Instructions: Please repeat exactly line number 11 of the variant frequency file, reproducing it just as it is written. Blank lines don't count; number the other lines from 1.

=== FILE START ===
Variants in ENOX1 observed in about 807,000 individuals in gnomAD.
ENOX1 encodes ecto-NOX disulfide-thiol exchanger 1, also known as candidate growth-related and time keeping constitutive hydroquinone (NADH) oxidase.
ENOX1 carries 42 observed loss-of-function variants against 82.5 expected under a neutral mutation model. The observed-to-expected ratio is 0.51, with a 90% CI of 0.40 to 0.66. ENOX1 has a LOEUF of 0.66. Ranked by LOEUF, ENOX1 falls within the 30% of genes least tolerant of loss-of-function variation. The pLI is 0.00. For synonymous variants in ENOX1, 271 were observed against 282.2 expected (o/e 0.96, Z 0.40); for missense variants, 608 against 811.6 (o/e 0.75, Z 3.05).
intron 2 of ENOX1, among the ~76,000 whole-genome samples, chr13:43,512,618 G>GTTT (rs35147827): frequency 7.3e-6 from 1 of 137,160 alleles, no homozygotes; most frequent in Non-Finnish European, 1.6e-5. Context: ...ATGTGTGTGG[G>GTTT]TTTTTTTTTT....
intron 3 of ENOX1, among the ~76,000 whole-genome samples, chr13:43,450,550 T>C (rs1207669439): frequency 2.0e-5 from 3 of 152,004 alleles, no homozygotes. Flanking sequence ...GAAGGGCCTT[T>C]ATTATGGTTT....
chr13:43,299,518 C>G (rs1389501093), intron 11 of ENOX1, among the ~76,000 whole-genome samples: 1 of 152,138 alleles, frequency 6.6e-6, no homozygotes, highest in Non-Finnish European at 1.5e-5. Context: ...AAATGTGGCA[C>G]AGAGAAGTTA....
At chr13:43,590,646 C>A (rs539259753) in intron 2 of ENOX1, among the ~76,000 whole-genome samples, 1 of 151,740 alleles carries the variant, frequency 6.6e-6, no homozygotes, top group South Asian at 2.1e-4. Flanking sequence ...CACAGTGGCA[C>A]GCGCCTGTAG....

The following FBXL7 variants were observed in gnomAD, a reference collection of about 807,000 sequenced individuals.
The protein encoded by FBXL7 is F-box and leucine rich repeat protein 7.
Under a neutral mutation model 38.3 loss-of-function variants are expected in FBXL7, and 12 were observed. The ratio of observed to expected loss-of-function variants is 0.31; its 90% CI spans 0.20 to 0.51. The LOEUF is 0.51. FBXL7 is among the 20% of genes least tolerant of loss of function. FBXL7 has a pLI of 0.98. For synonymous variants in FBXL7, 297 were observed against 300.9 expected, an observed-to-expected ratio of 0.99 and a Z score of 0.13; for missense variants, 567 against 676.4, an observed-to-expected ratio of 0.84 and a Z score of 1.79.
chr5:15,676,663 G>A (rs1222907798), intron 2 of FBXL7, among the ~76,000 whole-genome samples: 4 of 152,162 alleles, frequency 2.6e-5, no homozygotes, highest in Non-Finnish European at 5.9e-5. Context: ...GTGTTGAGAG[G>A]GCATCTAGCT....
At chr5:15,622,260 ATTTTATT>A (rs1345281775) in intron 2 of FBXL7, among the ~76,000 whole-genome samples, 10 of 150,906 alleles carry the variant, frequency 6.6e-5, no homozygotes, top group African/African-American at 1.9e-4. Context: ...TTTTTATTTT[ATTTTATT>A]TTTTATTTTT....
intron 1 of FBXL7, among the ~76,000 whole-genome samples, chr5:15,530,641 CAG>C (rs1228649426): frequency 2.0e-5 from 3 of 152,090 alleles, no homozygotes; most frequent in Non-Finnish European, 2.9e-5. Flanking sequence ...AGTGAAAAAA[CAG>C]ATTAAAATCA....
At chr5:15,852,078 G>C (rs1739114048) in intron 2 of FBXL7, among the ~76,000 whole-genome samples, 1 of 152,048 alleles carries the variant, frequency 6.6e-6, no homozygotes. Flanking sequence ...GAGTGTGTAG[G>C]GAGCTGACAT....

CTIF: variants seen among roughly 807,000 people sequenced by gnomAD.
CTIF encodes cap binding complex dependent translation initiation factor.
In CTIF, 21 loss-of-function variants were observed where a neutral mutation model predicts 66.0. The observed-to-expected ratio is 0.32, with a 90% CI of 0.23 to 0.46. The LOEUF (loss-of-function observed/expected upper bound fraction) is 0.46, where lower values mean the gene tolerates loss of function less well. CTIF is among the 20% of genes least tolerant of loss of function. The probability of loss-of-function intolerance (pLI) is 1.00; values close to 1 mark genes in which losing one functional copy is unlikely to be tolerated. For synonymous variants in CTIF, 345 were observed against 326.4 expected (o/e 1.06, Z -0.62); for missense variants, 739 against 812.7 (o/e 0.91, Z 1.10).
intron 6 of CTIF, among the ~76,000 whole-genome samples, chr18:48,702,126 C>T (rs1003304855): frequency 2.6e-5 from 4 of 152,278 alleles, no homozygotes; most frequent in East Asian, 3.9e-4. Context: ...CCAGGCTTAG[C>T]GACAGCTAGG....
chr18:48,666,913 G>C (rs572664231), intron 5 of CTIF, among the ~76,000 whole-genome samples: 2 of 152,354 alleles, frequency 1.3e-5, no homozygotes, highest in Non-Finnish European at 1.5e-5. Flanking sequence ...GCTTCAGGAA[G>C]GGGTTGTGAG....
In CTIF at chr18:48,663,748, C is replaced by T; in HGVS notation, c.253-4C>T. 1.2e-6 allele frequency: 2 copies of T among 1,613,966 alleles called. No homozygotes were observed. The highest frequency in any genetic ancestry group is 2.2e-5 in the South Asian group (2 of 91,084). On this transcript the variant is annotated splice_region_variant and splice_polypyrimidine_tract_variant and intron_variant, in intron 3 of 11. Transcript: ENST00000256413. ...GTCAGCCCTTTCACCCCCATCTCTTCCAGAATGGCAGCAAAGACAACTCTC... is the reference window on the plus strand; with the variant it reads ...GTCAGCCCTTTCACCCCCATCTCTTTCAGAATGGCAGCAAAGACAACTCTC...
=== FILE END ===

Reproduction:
chr5:15,676,663 G>A (rs1222907798), intron 2 of FBXL7, among the ~76,000 whole-genome samples: 4 of 152,162 alleles, frequency 2.6e-5, no homozygotes, highest in Non-Finnish European at 5.9e-5. Context: ...GTGTTGAGAG[G>A]GCATCTAGCT....